The Food Frequency Questionnaire (FFQ) is country-specific and was developed for all of the international EPIC centres. It was based on the FFQ used in the Nurses’ Health Study and was designed to measure a participant’s usual food intake during the previous year. The country-specific FFQs were calibrated using a 24hDR recall, which were computer-assisted face-to-face interviews on a subset of the participants using EPICsoft.
Visit the FFQ download and data entry page to download a copy of the FFQ or for information on the data entry.
The questionnaire is a 10-page A4 document, consisting of two parts:
This is the main part of the questionnaire and contains a list of 130 commonly and less commonly consumed foods. For each item on the list, participants are asked to indicate their usual frequency of consumption choosing from nine frequency categories. The categories range from “never or less than once/month” to “6+ times per day”. The servings are specified in terms of units or common portions (e.g. one apple, one slice of bread) or household measures (e.g. glass, cup, spoon). An average portion size was assigned to each questionnaire item (this portion size is the same for all participants, regardless of their sex or age).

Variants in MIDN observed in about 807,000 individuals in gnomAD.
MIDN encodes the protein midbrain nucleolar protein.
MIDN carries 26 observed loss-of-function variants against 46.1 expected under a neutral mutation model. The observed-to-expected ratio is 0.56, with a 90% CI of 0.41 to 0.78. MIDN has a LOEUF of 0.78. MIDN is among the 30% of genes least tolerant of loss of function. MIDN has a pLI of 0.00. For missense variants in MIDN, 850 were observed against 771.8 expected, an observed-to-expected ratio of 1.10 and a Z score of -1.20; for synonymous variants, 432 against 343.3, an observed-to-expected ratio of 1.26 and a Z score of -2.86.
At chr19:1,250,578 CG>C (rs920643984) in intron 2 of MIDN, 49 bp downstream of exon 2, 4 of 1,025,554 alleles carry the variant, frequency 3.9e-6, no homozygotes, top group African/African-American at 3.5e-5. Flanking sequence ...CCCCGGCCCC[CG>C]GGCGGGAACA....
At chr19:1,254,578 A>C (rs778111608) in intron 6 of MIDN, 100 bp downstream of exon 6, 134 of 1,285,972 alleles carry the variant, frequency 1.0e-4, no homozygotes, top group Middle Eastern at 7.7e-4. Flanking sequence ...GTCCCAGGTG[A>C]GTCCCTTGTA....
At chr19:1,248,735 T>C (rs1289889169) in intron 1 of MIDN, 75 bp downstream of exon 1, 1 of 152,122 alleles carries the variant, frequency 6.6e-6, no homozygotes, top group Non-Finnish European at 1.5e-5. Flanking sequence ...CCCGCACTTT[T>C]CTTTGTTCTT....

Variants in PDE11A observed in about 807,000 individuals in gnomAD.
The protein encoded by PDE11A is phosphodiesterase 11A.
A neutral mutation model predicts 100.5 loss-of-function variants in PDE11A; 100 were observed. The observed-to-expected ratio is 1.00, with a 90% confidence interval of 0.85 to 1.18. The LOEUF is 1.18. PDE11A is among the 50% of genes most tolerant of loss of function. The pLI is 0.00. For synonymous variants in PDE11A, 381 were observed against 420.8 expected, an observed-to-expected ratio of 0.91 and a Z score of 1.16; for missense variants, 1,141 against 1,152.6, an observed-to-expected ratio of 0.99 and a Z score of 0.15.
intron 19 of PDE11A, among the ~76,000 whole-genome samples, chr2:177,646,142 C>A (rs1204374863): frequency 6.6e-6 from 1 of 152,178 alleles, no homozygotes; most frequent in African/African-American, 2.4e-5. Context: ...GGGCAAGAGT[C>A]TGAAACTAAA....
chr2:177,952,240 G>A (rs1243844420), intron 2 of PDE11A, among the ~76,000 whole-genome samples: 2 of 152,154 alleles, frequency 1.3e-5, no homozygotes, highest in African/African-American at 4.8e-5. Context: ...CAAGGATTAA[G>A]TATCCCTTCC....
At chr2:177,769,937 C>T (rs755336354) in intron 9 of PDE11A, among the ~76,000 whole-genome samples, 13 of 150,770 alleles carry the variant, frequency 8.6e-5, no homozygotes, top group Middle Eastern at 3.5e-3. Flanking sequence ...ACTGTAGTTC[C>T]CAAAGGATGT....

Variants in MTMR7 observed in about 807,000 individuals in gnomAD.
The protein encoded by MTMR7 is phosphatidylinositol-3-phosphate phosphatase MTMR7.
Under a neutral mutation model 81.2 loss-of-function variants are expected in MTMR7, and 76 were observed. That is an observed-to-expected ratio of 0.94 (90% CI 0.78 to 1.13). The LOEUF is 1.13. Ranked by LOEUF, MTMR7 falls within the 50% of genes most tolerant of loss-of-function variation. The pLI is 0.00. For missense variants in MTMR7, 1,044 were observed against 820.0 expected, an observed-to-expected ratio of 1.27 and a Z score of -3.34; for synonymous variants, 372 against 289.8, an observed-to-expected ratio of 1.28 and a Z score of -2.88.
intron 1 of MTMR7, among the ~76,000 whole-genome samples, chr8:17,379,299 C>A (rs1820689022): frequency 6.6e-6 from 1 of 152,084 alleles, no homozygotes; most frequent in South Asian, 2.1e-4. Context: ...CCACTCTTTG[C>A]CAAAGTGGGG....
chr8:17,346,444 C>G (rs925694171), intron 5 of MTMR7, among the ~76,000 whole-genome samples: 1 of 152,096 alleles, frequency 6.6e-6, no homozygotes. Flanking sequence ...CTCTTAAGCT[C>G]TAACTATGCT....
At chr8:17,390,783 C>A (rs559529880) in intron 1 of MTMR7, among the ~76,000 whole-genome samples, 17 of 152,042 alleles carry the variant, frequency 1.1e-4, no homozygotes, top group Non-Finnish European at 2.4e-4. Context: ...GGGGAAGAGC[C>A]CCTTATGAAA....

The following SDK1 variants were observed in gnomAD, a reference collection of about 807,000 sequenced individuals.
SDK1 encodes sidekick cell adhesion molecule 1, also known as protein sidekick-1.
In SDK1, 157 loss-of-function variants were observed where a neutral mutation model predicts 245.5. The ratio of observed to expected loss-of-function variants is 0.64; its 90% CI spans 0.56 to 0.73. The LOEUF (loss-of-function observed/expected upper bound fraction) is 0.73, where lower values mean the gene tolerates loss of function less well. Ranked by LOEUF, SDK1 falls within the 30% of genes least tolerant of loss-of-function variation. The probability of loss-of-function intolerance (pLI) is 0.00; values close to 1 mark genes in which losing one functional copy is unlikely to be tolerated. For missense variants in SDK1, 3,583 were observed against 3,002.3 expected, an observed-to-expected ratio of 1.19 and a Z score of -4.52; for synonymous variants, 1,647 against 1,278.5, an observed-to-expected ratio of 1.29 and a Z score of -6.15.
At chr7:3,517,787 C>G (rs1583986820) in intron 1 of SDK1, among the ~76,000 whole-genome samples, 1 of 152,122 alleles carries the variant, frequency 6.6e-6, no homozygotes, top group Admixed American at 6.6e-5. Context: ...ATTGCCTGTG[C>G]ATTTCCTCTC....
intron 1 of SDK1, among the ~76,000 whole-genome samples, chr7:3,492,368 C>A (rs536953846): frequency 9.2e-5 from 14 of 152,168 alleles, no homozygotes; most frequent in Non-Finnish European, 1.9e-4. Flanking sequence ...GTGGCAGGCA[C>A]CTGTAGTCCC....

This part asks a set of additional questions including those on the type and brand of breakfast cereal, the type and quantity of milk consumed, the type of fat used in cooking and the amount of visible fat on meat consumed. The questions relating to fat are linked to relevant items in part one and help to estimate the total fat and fatty acid consumption.
FFQ Entry & Calculation Process
The FFQ data were originally entered into an Oracle-based entry system and processed using the CAFE program (Compositional Analyses from Frequency Estimates), which was written in SAS. More recently, the new open source FETA tool has been developed, based on the CAFÉ program. The FETA software, which uses a comma-separated values input file, was written in C and C++ languages, enabling faster processing times than SAS and the C/C++ software and can also be used from the command line. The step-based graphical wizard for running FETA was written in Perl.
In FETA, the frequency category is converted into a portion multiplier (e.g. once a week = 1/7 = 0.14). After multiplication with the portion size, an average daily food weight for each of the 130 FFQ items is obtained. These weights are multiplied by the nutrient composition per gram to obtain the nutrient composition of the actual amount eaten. After summing all FFQ items for a participant, an average daily nutrient intake is obtained. It is recommended that individuals with more than 10 missing lines of data are excluded. The top and bottom 0.5% of the ratio of energy intake to estimated basal metabolic rate are flagged as extreme outliers of nutrient intakes.
For further information on the nutritional analysis of the EPIC-Norfolk FFQ see the CAFE and FETA publications.